Since the effects of this section is to extend the Act for a further three years without any other safeguards, would it be appropriate to write in certain safeguards? The reason for this is that when the Bill was passed in 1972 the idea was to meet the emergency of needing further accommodation. However it is admitted that the extension is for a different reason: to deal with what are known as subversive or difficult prisoners, where strict security is needed. They will be held in military custody while a high-risk prison is being built.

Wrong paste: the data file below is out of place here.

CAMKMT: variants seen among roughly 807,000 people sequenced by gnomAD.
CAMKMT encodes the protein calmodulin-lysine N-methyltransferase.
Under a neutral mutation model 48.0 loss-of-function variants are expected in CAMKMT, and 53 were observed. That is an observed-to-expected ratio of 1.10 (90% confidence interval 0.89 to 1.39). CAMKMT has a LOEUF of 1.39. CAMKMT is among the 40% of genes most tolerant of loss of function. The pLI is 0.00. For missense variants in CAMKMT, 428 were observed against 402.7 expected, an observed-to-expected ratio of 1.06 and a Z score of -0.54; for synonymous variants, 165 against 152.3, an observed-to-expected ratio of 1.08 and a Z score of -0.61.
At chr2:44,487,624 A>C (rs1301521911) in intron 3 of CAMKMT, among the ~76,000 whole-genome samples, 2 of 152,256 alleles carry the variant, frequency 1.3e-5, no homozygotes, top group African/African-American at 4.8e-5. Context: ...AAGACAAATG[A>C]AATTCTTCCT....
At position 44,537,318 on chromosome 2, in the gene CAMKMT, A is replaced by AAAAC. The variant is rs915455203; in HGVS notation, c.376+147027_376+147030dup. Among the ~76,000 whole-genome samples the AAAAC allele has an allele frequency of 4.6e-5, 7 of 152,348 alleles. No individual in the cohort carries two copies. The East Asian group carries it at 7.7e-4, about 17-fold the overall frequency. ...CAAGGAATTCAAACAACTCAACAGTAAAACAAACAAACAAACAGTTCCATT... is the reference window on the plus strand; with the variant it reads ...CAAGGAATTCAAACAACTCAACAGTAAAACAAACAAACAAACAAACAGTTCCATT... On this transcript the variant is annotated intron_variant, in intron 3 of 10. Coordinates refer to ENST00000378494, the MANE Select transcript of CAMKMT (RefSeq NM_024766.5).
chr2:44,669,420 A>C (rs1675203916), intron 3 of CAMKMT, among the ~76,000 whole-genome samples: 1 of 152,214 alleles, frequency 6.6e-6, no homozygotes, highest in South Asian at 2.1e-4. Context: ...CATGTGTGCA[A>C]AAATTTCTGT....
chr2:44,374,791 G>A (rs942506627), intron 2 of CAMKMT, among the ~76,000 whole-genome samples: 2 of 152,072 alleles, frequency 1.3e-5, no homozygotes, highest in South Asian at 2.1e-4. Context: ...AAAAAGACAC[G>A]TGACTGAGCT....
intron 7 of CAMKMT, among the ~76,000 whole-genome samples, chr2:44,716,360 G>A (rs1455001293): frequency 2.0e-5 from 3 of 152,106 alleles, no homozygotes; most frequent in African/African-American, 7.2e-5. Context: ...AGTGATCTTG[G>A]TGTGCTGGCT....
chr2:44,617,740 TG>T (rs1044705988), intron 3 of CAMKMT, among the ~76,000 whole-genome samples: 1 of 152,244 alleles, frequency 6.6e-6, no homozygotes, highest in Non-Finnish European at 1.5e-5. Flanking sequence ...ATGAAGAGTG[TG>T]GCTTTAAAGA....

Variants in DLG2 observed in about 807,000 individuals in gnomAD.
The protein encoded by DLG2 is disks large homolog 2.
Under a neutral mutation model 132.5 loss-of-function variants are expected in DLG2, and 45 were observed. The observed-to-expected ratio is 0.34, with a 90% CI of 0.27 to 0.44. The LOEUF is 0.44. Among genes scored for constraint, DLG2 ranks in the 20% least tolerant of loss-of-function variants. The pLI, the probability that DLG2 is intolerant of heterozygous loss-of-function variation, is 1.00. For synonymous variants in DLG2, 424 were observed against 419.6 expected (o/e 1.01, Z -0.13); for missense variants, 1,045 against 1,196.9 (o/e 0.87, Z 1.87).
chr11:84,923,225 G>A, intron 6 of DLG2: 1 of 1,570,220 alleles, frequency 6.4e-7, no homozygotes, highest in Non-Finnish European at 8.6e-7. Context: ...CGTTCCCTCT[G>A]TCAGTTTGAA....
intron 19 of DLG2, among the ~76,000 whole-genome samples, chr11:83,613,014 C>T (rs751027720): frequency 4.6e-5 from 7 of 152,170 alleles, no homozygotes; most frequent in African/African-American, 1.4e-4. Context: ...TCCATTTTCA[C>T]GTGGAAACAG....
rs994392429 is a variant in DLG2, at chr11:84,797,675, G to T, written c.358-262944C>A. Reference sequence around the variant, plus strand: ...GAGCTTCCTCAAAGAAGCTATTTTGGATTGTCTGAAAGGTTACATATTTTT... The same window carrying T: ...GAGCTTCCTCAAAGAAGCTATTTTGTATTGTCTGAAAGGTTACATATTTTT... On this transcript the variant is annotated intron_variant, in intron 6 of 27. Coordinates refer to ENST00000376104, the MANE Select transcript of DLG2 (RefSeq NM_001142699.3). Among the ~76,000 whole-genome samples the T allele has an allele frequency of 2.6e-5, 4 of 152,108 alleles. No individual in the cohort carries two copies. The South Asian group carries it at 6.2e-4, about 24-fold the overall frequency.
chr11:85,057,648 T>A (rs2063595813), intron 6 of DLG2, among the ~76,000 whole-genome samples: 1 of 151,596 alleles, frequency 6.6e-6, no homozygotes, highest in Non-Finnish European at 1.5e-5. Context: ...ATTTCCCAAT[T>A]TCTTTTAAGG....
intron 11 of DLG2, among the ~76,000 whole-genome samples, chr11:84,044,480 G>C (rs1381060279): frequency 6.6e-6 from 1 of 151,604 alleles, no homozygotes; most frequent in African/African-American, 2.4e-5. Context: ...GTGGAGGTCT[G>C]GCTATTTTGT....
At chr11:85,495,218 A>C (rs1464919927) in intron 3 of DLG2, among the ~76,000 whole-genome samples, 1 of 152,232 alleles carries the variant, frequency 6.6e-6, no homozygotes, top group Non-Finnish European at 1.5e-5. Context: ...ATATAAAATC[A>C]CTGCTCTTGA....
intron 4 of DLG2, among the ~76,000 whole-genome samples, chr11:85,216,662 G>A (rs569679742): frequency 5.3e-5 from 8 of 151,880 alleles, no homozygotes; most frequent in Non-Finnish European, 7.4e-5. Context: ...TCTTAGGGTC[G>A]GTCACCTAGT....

First I find the word "subversive" a very dangerous one. There are certain people who might call me "subversive" and might call me even more subversive after my contribution here this afternoon. It has that very loose connotation and it would be preferable to use a more precise description of the persons concerned. It is my fear that in allowing an extension of this Act for another three years we are not writing in a sufficient safeguard. We are allowing the transfer from civil to military custody. Under the Bill the Minister does make a statement about persons and about reasons for the conviction, etc., but there is not sufficient control of the exercise of his discretion. The particular danger that could be foreseen would be that if a person held in a prison was objecting to conditions in the prison and to the way he was confined within the prison, objecting in a way which was immediately categorised as "subversive", that person could either be threatened with or be transferred to military custody without any further scrutiny or any need for any objective process at all. Without wishing to cast any aspersions on the particular Minister for Justice at any time, as a Parliament we ought to be cautious about giving——